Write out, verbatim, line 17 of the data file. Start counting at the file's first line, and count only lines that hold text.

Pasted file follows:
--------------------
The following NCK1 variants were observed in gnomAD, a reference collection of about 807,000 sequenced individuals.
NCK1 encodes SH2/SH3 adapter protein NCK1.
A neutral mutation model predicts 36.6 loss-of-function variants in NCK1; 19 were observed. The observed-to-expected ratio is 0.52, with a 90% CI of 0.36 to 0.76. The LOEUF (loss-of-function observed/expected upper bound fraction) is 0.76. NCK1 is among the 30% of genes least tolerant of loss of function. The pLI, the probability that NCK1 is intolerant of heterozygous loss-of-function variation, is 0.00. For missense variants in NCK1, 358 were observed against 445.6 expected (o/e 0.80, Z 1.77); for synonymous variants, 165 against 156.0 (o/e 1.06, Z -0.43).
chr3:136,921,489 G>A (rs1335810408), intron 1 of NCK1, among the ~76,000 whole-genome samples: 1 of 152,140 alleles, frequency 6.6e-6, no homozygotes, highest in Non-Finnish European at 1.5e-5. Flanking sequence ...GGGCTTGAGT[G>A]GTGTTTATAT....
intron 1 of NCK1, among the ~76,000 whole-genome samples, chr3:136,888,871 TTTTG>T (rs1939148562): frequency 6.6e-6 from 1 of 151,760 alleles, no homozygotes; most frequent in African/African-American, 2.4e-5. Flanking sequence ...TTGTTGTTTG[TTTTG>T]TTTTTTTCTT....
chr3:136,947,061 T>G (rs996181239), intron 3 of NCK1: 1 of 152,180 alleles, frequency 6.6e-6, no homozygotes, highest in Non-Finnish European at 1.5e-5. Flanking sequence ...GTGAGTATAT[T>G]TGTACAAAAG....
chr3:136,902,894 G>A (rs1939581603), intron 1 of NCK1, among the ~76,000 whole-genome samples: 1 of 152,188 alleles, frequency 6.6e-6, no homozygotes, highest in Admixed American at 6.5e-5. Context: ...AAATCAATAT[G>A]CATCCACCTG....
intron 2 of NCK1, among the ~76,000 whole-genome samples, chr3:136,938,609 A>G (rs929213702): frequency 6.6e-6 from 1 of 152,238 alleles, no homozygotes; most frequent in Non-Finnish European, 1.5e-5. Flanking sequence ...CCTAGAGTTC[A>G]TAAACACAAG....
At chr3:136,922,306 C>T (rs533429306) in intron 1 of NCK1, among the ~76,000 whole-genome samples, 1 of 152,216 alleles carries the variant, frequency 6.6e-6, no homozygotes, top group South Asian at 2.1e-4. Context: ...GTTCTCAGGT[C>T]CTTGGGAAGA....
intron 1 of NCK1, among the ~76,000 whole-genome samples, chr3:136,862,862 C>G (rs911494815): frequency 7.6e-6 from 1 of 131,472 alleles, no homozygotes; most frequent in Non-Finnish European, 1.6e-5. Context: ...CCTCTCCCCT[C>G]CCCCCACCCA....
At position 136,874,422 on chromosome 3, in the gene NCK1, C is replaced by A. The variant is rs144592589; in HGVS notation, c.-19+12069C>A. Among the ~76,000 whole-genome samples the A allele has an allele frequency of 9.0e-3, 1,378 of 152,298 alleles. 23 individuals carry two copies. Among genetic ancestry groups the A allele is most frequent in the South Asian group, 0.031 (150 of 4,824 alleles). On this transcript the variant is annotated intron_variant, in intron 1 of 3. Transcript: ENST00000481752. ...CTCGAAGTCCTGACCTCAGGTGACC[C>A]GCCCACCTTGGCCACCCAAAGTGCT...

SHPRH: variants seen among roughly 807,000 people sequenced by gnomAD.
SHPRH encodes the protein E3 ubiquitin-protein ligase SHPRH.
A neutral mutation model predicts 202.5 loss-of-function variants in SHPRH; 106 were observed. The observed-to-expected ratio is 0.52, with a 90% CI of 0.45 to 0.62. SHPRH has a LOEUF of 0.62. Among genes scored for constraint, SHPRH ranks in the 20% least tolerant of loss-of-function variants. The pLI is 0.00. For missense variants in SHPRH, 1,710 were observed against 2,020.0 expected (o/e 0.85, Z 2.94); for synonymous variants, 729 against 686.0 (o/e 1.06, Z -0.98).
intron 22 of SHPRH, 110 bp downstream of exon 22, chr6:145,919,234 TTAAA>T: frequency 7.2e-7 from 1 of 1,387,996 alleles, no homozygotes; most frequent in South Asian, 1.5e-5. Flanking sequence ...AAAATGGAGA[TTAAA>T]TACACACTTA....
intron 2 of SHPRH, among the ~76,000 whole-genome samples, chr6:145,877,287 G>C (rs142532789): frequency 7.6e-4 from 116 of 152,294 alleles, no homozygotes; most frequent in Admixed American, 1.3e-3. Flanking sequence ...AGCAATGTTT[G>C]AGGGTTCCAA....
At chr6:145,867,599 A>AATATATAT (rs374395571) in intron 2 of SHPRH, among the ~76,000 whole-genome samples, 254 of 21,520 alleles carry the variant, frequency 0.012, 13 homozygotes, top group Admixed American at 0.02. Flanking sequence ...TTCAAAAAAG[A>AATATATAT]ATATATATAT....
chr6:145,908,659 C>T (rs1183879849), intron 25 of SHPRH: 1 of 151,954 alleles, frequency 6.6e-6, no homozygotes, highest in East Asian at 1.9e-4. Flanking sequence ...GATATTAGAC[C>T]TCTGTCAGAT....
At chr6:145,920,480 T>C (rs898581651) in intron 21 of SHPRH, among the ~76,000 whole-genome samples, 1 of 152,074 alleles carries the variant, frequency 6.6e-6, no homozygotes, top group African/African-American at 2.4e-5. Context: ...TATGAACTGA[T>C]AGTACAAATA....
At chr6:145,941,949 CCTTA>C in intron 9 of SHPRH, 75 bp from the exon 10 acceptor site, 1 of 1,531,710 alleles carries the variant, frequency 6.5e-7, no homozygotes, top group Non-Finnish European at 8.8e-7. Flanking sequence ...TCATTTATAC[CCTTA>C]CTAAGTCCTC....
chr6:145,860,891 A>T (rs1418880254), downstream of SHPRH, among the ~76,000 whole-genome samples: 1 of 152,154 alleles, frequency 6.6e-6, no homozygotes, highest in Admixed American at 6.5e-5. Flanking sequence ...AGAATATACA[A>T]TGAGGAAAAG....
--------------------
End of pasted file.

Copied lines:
At chr6:145,867,599 A>AATATATAT (rs374395571) in intron 2 of SHPRH, among the ~76,000 whole-genome samples, 254 of 21,520 alleles carry the variant, frequency 0.012, 13 homozygotes, top group Admixed American at 0.02. Flanking sequence ...TTCAAAAAAG[A>AATATATAT]ATATATATAT....